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CCAs a 'risk management tool for farmers'

Agriculture.com Staff 05/01/2007 @ 12:57pm

Even as the flow of developing new technology continues to improve farm production, efficiency and profitability, one of the best assets a grower has today remains simple in-field, face-to-face meetings with his or her certified crop adviser (CCA).

Certified crop advisers are those agronomic consultants who have been accredited by the American Society of Agronomy (ASA) to work with farmers to address crop needs and problems. This accreditation, says ASA director of certification programs Luther Smith, means the advisers have met a strict set of guidelines.

"[CCAs] have passed two comprehensive exams covering nutrient management, soil and water management, integrated pest management and crop management," says Smith. "They are peer-reviewed by a local certifying board and are required to sign a code of ethics that includes they will only do what is in the best interests of their customers."

What does this mean for farmers? Working with CCAs, Smith says, provide the grower another risk management tool for his or her operation. Because of the thorough process for certification as a CCA, he says they are ethically bound to provide a high, consistent level of agronomic services.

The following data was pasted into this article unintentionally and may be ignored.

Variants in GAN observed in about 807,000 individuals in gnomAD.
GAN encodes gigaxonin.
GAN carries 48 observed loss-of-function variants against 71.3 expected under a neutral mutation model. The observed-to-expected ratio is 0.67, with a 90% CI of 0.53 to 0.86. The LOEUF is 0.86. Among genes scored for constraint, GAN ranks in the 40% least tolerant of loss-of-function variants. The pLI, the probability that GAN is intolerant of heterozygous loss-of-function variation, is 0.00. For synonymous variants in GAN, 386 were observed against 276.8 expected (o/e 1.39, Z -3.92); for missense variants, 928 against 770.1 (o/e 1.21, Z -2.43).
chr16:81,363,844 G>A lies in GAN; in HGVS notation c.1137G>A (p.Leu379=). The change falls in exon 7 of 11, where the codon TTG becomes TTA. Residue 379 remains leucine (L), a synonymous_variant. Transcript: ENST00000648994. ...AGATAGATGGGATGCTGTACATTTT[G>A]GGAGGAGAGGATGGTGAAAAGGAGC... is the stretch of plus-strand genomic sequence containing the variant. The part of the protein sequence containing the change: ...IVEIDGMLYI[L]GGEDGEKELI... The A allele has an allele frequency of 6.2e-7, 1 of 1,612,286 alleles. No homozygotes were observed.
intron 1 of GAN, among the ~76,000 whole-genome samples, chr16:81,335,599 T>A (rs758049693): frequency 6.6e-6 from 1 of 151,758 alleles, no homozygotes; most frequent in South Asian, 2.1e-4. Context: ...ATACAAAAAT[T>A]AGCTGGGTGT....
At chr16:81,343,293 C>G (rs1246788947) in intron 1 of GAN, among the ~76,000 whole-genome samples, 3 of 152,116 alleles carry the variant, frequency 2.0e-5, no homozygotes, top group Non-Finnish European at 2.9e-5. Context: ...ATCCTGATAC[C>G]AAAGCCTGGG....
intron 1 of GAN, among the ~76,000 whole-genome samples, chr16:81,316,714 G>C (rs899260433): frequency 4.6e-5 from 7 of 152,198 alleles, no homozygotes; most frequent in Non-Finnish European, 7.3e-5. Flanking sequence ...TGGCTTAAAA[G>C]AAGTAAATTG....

"The CCA designation represents that the individual has met the standards set by the profession," Smith says. "The CCA has pledged to their very best through the code of ethics and if they don't, the farmer has recourse through the program."

One example of a CCA's work, Smith says, happened recently in South Carolina, where a certified adviser helped a soybean farmer reduce seed populations from 80 to 50 pounds per acre while still improving yields. The shift, Smith says, saved the grower around $24,000 -- in seed costs alone -- on his 2,000-acre farm.

Smith likens a CCA's training and certification to that for a medical professional. "A farmer should ask every agronomic adviser that walks on the farm if they are certified as a CCA," he says. "You would ask your doctor or nurse to be certified or licensed -- why not your agronomist?"

Click here to learn more about the ASA, how to become a CCA or find the CCA nearest you.

Even as the flow of developing new technology continues to improve farm production, efficiency and profitability, one of the best assets a grower has today remains simple in-field, face-to-face meetings with his or her certified crop adviser (CCA).

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